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5 Feb, 2008 15:48

Super Tuesday: D-Day for Clinton and Obama

On Super Tuesday in the United States, 24 states have been voting in the primaries to elect nominees from each party for the presidential vote. While the Republicans have an established frontrunner in John McCain, all eyes are turned to rival Democrats Hi

With its tendency to make or break campaigns, Super Tuesday is generally considered the grand prize of the primary season. 

“Super Tuesday could give us a Republican nominee. On the Democratic side, they're standing toe to toe; they're in for lots of rounds in this fight,” said Leonard Steinhorn, political analyst from the American University in Washington DC.

But the tone of the fight has changed. Instead of the mudslinging we saw earlier in the campaign, both Hillary and Obama have moved to a more sophisticated approach. The question now is who stands a better chance of defeating John McCain, the potential winner on the Republican side. Hillary claims Obama can't do it, but he has a different view. 

Meanwhile, the pro-Obama wave is not nearly as strong as the anti-Hillary movement on Facebook.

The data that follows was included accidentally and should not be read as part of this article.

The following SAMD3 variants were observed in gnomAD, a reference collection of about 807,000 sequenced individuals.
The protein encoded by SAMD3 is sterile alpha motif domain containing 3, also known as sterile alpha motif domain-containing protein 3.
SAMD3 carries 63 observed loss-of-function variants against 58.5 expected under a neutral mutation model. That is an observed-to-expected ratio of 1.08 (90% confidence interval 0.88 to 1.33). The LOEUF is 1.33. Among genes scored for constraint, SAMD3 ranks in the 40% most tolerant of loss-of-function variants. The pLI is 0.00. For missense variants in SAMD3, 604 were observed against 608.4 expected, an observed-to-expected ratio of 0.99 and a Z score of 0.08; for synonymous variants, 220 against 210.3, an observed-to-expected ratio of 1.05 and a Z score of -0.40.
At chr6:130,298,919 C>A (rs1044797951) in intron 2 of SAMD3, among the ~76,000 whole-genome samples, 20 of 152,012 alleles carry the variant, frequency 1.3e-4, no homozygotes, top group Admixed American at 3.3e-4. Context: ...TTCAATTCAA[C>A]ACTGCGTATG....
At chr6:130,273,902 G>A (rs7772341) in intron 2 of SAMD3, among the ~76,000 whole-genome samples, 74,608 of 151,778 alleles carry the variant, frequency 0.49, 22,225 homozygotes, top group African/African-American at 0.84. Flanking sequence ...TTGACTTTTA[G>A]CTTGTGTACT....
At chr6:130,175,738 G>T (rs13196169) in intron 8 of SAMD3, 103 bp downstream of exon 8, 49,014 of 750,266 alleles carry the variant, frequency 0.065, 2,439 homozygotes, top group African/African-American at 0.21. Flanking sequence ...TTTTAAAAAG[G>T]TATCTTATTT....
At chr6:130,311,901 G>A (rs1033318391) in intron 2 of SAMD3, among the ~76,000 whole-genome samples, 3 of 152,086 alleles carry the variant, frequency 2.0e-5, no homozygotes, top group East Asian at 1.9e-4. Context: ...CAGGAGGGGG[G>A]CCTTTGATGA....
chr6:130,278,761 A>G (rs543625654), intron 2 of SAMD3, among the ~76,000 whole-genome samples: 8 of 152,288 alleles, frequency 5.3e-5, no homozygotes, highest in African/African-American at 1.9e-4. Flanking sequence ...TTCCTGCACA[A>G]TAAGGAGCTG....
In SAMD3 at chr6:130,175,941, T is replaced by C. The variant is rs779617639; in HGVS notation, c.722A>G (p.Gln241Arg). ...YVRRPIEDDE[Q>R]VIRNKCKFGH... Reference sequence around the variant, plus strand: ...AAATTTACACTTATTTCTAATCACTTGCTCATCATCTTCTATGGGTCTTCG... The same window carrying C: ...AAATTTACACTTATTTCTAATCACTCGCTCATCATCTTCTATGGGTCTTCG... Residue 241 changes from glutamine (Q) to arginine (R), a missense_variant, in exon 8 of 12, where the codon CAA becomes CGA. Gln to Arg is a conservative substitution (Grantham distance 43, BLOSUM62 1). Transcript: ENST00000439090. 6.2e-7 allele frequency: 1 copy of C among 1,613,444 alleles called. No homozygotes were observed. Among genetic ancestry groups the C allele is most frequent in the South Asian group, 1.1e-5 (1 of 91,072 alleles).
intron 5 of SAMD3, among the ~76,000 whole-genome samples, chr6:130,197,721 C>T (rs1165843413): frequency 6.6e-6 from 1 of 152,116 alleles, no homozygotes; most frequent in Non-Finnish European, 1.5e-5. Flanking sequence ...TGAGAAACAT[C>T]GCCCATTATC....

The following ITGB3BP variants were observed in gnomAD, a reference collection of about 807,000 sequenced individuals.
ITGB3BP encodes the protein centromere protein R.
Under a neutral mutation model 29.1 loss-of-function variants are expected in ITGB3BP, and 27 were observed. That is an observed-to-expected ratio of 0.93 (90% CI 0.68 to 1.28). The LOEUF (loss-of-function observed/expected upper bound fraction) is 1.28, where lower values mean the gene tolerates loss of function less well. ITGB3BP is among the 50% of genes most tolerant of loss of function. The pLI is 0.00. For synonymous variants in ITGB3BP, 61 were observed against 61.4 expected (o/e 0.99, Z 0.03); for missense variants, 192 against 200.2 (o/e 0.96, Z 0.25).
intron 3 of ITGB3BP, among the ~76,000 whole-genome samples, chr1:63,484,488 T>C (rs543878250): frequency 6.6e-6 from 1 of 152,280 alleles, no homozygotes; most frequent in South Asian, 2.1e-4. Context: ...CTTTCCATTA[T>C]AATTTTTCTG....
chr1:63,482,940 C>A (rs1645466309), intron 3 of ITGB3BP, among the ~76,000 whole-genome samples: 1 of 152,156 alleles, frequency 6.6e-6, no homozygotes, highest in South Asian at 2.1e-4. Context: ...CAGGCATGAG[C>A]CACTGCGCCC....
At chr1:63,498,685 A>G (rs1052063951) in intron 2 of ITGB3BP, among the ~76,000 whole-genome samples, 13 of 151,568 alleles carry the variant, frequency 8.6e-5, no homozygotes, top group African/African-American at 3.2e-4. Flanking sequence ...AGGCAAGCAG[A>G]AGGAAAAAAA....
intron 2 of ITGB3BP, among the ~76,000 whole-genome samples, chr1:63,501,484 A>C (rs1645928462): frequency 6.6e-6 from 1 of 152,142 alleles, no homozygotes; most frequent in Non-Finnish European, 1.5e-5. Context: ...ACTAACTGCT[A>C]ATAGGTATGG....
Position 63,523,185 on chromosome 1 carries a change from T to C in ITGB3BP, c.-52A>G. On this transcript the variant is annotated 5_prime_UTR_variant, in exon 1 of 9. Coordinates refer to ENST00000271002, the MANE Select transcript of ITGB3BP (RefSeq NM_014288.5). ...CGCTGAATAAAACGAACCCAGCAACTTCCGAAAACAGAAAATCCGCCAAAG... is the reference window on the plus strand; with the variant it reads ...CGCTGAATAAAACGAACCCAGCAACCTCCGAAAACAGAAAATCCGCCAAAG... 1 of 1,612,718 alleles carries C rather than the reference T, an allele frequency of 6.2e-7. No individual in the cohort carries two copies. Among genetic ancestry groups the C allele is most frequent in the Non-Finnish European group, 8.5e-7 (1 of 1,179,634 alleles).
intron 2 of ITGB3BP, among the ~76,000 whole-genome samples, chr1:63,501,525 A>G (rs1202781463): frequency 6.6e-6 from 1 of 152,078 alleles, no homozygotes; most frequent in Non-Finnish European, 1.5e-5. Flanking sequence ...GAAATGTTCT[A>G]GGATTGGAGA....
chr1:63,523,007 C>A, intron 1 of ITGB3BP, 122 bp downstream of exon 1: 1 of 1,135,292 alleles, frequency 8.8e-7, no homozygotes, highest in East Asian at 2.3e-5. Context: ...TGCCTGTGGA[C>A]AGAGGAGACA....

The Stop Hillary Clinton website with more than 400, 000 members has already surpassed Barack Obama's. 

“Hillary is a very divisive candidate in American politics. Those young voters who remember the kind of divisive nature of Clinton’s presidency are turning to Barack Obama,” explains political correspondent Josh Kraushaar.

Some Republicans have vowed to vote for Obama. 'Republicans for Obama' is a new group supporting the man who could be America's first black president. They claim he is the one who can unite people across party lines. 

Meanwhile Hillary Clinton might soon be getting her Republican endorsement from the Republican political commentator Ann Coulter. Known for her confrontational style, Coulter likes to stir up the pot with irony and sarcasm. She came under attack after calling John Edwards anti-gay. 

Coulter says she will not only vote, but campaign for Hillary if McCain wins the Republican nomination.

Hillary, like McCain, voted in support of the troop surge in Iraq, a key issue for the Republican Party.

John McCain – a Vietnam veteran and former prisoner of war – has so far managed to convince at least some fellow Republicans that he is the man for the top job. But his pro-war rhetoric may make it harder to reach out to independent or Democratic voters. Most of them will be deciding who is the candidate best equipped to fight against McCain.